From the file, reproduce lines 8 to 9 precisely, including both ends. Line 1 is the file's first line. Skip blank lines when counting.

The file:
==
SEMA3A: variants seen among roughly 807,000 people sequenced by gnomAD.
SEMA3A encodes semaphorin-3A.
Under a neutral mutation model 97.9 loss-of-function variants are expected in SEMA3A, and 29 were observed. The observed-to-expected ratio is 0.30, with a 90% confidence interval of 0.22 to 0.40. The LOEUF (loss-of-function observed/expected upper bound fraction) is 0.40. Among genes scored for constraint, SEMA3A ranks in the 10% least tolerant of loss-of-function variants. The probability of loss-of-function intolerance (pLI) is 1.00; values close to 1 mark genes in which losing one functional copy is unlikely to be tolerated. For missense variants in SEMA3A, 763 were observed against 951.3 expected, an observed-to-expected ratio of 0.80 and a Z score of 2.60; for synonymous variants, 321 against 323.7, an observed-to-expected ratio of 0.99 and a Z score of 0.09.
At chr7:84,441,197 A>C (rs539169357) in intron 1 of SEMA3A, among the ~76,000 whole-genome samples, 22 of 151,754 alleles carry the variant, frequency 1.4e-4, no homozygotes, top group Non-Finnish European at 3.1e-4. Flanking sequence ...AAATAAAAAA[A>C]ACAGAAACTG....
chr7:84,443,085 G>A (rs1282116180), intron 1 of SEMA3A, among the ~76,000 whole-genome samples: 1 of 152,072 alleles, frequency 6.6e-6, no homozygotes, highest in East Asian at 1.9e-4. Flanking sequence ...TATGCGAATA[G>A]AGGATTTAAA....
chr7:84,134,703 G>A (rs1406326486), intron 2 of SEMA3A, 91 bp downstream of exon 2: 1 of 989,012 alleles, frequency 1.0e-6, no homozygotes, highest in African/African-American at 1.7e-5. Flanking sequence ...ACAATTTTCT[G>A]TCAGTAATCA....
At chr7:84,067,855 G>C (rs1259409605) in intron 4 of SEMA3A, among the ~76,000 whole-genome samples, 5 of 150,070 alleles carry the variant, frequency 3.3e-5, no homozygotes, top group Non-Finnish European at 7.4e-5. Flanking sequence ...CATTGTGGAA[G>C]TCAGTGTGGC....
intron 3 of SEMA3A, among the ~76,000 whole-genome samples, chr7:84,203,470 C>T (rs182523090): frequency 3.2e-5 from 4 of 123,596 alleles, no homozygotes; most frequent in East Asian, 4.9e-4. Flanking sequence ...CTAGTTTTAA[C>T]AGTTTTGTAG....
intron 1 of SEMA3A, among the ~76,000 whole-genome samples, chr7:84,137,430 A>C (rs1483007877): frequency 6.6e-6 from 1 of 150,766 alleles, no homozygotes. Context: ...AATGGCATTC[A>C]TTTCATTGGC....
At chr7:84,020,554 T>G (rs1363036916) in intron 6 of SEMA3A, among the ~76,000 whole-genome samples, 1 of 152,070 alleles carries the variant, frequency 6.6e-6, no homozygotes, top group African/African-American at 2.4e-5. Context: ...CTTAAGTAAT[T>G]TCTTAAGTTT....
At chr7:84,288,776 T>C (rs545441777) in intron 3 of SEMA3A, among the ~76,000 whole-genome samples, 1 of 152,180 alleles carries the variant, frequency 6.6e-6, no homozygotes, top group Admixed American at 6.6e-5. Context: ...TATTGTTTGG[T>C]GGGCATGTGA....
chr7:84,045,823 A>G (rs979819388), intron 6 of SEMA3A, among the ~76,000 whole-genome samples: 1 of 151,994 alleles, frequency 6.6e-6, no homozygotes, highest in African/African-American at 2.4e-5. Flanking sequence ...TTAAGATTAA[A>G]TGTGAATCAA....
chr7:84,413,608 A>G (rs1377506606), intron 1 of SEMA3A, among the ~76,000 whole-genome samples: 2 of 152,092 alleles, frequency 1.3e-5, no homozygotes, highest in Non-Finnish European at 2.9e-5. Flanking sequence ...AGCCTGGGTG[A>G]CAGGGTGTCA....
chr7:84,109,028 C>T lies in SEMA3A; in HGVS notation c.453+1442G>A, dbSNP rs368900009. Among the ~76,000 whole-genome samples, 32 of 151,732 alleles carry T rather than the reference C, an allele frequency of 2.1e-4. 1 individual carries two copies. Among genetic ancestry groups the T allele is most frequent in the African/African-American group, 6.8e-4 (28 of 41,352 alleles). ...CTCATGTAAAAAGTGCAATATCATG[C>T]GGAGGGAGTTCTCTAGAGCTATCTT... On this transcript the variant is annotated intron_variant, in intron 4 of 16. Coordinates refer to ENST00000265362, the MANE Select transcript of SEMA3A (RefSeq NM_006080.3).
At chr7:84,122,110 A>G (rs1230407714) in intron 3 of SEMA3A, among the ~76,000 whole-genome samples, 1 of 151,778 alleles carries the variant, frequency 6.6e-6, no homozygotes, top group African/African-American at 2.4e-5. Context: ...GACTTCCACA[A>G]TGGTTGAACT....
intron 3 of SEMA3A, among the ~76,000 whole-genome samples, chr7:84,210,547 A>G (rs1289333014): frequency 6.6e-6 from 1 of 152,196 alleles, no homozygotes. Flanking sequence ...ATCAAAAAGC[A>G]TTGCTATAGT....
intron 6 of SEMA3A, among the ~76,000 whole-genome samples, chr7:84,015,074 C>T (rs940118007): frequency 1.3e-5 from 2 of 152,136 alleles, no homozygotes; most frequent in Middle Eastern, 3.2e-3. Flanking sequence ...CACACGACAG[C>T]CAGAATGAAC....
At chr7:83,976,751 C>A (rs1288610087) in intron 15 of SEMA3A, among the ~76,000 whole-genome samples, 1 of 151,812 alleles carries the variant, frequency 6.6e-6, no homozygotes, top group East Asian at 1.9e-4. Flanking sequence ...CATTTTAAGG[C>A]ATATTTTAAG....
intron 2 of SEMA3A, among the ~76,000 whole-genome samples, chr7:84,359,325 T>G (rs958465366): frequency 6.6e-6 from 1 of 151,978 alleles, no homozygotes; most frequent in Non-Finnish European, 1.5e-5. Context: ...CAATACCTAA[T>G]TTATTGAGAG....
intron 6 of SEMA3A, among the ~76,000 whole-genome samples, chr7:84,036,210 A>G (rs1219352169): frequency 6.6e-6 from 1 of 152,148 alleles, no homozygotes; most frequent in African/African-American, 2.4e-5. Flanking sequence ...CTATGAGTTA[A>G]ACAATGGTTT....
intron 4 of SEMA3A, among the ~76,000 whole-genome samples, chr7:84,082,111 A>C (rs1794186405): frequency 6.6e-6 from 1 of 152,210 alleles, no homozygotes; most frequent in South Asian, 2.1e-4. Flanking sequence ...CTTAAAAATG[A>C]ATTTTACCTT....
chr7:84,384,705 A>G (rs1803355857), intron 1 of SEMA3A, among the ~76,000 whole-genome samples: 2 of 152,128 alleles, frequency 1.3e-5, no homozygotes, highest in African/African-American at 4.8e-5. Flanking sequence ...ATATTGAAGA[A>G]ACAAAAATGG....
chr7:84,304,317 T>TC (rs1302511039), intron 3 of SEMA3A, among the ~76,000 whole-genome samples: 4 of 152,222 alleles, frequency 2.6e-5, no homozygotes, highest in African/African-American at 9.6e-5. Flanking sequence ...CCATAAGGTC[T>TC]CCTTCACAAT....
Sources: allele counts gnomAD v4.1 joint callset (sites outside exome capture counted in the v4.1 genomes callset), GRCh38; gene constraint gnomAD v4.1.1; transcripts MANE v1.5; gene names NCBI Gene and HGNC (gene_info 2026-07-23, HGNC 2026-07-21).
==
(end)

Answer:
intron 3 of SEMA3A, among the ~76,000 whole-genome samples, chr7:84,203,470 C>T (rs182523090): frequency 3.2e-5 from 4 of 123,596 alleles, no homozygotes; most frequent in East Asian, 4.9e-4. Flanking sequence ...CTAGTTTTAA[C>T]AGTTTTGTAG....
intron 1 of SEMA3A, among the ~76,000 whole-genome samples, chr7:84,137,430 A>C (rs1483007877): frequency 6.6e-6 from 1 of 150,766 alleles, no homozygotes. Context: ...AATGGCATTC[A>C]TTTCATTGGC....